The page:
Disk in the male flowers of 5–6 (occasionally more) free extrastaminal and/or interstaminal glands, less often the disk annular or cupular and extrastaminal or lobed, lobulate and intrastaminal with the stamens enfolded by the lobes, or else the disk receptacular, domed and aperturate with the stamens arising through the apertures, or disk absent; in the female flowers hypogynous, annular, flat or cupular, entire or lobed, rarely of separate glands, usually persistent, or absent
Androecium
Stamens (1)3–100(1000), the filaments free or variously connate, simple or rarely branched, anthers erect or inflexed in bud, 2–4-thecous with the thecae usually parallel and adnate to the connective throughout, sometimes free at the base, occasionally completely free and erect, divaricate, horizontal or pendulous, rarely with the thecae superposed or laterally fused to form an annulus, dehiscing by slits longitudinally, obliquely or laterally, less often by pores (not Africa)
Gynoecium
Ovary superior, sessile or rarely stipitate, 1–4(20)-locular but most commonly 3-locular; placentation axile, with the ovules solitary or paired and collateral in each locule and pendulous from its inner angle, anatropous or hemitropous, rarely orthotropous (Panda), crassinucellate, bi-integumental, hilum between the ventral raphe and the epimicropylar obturator, when present; funicle often thickened; styles (1)3(4)(20), free or connate, erect or spreading, entire, bifid, multifid or laciniate, the inner surface usually stigmatic throughout, smooth, granulate, papillose or fimbriate, often reddish- or purplish-tinged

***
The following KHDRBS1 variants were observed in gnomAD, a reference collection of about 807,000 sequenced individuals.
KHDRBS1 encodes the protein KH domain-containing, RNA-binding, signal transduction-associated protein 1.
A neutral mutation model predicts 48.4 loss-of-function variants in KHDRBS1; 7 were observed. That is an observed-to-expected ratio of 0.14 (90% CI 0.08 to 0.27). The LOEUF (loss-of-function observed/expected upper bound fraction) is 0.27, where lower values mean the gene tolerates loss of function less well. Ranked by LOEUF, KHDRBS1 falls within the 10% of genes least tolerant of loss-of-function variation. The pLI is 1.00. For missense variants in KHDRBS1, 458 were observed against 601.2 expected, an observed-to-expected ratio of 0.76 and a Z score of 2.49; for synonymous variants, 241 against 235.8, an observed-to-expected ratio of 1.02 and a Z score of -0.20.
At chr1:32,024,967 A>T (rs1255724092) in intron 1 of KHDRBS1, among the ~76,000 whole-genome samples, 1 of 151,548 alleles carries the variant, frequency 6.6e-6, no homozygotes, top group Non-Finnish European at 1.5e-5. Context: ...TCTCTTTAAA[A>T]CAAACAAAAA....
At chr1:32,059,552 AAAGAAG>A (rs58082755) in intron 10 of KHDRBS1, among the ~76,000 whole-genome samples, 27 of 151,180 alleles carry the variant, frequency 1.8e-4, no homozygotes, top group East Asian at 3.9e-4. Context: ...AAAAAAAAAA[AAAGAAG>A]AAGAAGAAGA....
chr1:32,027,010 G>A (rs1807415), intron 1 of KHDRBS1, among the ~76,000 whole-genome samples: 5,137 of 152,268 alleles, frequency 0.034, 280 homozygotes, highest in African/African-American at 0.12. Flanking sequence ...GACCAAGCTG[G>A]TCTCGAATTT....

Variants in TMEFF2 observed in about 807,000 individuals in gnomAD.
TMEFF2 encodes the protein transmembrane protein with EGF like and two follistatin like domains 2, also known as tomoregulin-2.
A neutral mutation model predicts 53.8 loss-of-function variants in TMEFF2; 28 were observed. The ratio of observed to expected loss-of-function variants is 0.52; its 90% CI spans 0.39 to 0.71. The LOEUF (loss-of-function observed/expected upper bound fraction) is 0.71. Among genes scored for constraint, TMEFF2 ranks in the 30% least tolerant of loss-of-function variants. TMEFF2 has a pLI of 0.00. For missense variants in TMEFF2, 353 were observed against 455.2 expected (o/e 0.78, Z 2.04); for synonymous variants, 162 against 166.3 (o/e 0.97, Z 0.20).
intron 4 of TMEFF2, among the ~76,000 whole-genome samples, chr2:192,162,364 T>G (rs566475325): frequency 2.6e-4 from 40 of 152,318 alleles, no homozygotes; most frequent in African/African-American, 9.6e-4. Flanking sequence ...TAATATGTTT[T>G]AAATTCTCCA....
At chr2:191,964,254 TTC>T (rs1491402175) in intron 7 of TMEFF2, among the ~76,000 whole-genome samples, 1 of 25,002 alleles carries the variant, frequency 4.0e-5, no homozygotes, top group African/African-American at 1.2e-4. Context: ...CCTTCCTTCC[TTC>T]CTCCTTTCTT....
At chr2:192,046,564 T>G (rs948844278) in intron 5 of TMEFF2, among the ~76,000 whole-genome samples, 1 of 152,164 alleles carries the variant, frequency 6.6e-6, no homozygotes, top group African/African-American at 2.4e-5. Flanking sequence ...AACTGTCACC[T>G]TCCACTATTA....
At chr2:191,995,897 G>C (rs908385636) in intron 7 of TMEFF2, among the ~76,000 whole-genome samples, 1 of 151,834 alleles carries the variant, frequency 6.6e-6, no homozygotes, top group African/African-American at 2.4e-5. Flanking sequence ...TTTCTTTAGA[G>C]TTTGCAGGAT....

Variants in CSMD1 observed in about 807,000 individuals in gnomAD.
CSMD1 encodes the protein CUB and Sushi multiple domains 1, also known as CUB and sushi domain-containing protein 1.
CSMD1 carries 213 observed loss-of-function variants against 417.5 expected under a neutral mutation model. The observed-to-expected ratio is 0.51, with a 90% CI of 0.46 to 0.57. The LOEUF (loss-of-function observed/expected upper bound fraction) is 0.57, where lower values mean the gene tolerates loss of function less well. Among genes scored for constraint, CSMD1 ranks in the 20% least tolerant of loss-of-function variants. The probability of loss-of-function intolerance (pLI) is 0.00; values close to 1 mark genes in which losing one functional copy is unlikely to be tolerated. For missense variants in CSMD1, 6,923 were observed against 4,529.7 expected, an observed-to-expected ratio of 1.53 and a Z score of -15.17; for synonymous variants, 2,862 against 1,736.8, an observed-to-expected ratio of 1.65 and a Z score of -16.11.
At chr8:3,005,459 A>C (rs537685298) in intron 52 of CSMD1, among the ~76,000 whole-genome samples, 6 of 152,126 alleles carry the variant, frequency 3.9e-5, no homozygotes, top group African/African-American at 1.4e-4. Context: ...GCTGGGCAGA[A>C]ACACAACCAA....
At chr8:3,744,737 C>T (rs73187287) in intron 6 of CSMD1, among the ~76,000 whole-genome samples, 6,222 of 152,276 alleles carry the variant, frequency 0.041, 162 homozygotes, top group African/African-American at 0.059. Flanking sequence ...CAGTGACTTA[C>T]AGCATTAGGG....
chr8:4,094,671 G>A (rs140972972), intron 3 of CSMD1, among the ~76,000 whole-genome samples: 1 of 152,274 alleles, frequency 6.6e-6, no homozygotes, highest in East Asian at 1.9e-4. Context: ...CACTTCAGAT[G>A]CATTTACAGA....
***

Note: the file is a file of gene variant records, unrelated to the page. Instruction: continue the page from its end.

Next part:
Sterile Parts
Staminodes absent or occasionally present, usually subulate Pistillode (non-functional ovary) often present, variously shaped
Fruits
Fruit smooth, wrinkled, warty, tubercled, horned or winged, rarely inflated, often schizocarpic, dehiscing septifragally and septicidally into 1–4(20) (but usually 3) bivalved cocci leaving a persistent angled or winged columella, the valves then dehiscing loculicidally, or else fruit loculicidally dehiscent into 3 separate valves, or breaking up irregularly, or else indehiscent, drupaceous or subdrupaceous, with a thin epicarp, with or without a fleshy mesocarp and with a 1–3(more)-locular paleaceous, crustaceous, ligneous or osseous endocarp
Seeds